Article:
The war of words between Rhode Island officials and the state’s trucking association over Gov. Gina Raimondo’s "RhodeWorks" truck-tolling infrastructure plan boiled over Jan. 29.
Rhode Island Trucking Association CEO Chris Maxwell, noting that no state makes only trucks pay tolls, told Transport Topics that Raimondo "hasn’t said an educated word about this issue since day one. [Her plan is] a colossal failure.”
Raimondo's newest proposal, unveiled Jan. 28, wants to charge trucks $3 per toll in Rhode Island up to a maximum of $20 for driving through the tiny Ocean State on Interstate 95. She hopes to raise $40 million to $45 million annually to help pay for bridge repairs in the state.
“The truckers have a vested interest in attacking RhodeWorks — of course they prefer to keep getting a free ride in Rhode Island, while causing most of the vehicle-created damage to our bridges, which are consistently ranked worst in the nation,” said Marie Aberger, Raimondo’s spokeswoman, noting that trucks pay $182 to traverse the length of the Pennsylvania Turnpike and $114 to cross from New Jersey into New York via the George Washington Bridge. “The governor … has proposed a smart, innovative and fair solution that would have trucks pay user fees.”
Rolling out the new toll proposal. pic.twitter.com/dpG9WV0BBn— katherine gregg (@kathyprojo) January 28, 2016
But in a report commissioned by the trucking association Jan. 12, consulting firm IHS projected truck tolls in Rhode Island would only generate $24 million to $37.5 million.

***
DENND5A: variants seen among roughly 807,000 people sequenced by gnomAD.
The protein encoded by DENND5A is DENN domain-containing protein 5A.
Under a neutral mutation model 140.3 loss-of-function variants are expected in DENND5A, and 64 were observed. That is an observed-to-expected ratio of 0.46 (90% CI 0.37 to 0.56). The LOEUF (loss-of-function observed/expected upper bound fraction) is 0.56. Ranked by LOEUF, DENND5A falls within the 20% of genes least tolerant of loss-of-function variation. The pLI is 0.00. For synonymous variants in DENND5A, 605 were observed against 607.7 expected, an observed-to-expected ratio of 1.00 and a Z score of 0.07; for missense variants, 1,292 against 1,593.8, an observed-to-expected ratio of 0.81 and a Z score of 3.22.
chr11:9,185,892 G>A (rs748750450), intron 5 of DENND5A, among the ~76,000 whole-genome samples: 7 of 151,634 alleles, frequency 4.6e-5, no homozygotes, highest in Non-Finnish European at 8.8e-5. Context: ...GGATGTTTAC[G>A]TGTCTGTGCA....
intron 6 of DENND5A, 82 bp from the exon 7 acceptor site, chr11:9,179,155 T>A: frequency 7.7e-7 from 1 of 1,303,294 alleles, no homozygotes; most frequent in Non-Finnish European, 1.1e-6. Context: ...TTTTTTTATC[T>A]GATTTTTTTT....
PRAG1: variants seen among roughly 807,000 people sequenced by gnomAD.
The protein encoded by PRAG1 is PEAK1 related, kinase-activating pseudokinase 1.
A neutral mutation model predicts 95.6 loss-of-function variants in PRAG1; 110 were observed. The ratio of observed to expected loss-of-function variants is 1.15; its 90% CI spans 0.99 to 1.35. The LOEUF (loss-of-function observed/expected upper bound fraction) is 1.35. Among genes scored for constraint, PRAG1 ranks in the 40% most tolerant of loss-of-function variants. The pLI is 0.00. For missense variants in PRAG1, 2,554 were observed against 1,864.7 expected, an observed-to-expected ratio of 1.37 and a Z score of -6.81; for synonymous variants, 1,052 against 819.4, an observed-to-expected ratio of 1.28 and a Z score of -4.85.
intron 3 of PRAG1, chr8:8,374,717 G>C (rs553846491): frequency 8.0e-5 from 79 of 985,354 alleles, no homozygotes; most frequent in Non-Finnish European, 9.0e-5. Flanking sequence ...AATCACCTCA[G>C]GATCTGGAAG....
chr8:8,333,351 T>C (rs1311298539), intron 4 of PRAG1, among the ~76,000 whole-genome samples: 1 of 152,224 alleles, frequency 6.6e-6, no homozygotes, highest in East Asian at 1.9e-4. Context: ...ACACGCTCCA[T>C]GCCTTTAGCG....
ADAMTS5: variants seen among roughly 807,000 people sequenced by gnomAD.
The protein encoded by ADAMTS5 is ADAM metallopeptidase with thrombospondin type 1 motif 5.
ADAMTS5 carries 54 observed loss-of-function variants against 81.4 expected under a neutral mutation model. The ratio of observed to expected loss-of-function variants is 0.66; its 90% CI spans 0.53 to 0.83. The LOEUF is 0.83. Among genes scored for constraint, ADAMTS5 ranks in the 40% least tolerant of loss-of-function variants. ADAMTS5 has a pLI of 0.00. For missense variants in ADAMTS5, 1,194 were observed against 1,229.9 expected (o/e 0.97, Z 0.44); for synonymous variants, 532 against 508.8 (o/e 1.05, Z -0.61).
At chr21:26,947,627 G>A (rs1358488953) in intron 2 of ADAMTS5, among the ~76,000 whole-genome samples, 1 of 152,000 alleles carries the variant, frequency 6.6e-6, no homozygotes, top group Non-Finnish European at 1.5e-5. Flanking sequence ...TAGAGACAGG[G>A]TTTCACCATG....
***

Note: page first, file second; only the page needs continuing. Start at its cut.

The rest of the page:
Maxwell said that Raimondo and the state’s Department of Transportation “blindsided” trucking when it released the $1.1 billion, 30-year RhodeWorks plan without prior dialogue last May.
“We’ve had decades of RIDOT malfeasance and mismanagement,” Maxwell said. “That’s why we have neglected bridges in Rhode Island. [They] found a scapegoat in the trucking industry.”
As an alternative to the imposition of tolls, the Rhode Island Trucking Association has proposed an immediate 18-cent increase in the diesel fuel tax, as well as a $500 boost in truck registration fees as the key cogs in a five-year, $250 million plan.
“Through trucks have full discretion to go right around Rhode Island because we are not a corridor state,” said Maxwell, who expects out-of-state truckers to avoid Rhode Island by taking I-395 in western Connecticut to the Massachusetts Turnpike. “They’re trying to slam this through because they know their facts don’t stack up. They can dress this pig up as best as they want to. They clearly underestimate the effect of diversion. … We have grave concerns about their math and about their projections. …There’s zero compromise. We’re going to go down fighting.”
Maxwell had deemed Rhode Island House Speaker Nicholas Mattiello “our last, best hope,” but Mattiello's support seems to have shifted after he appeared with Raimondo and Senate President Teresa Paiva Weed at the governor’s Jan. 28 announcement that updated RhodeWorks with the infusion of federal dollars from the FAST Act.
“He doesn’t really understand trucking by indicating that trucks won’t divert around Rhode Island to avoid the tolls,” Maxwell said. “It will ultimately undermine this plan. The speaker thinks he has the votes. We’re going to work the Legislature and slow this thing down again. I think we have some traction in the House.”
Mattiello’s spokesman didn’t respond to an e-mailed request for comment.
“I am grateful for the partnership of the speaker and Senate president to take action and get this done,” Raimondo told Transport Topics.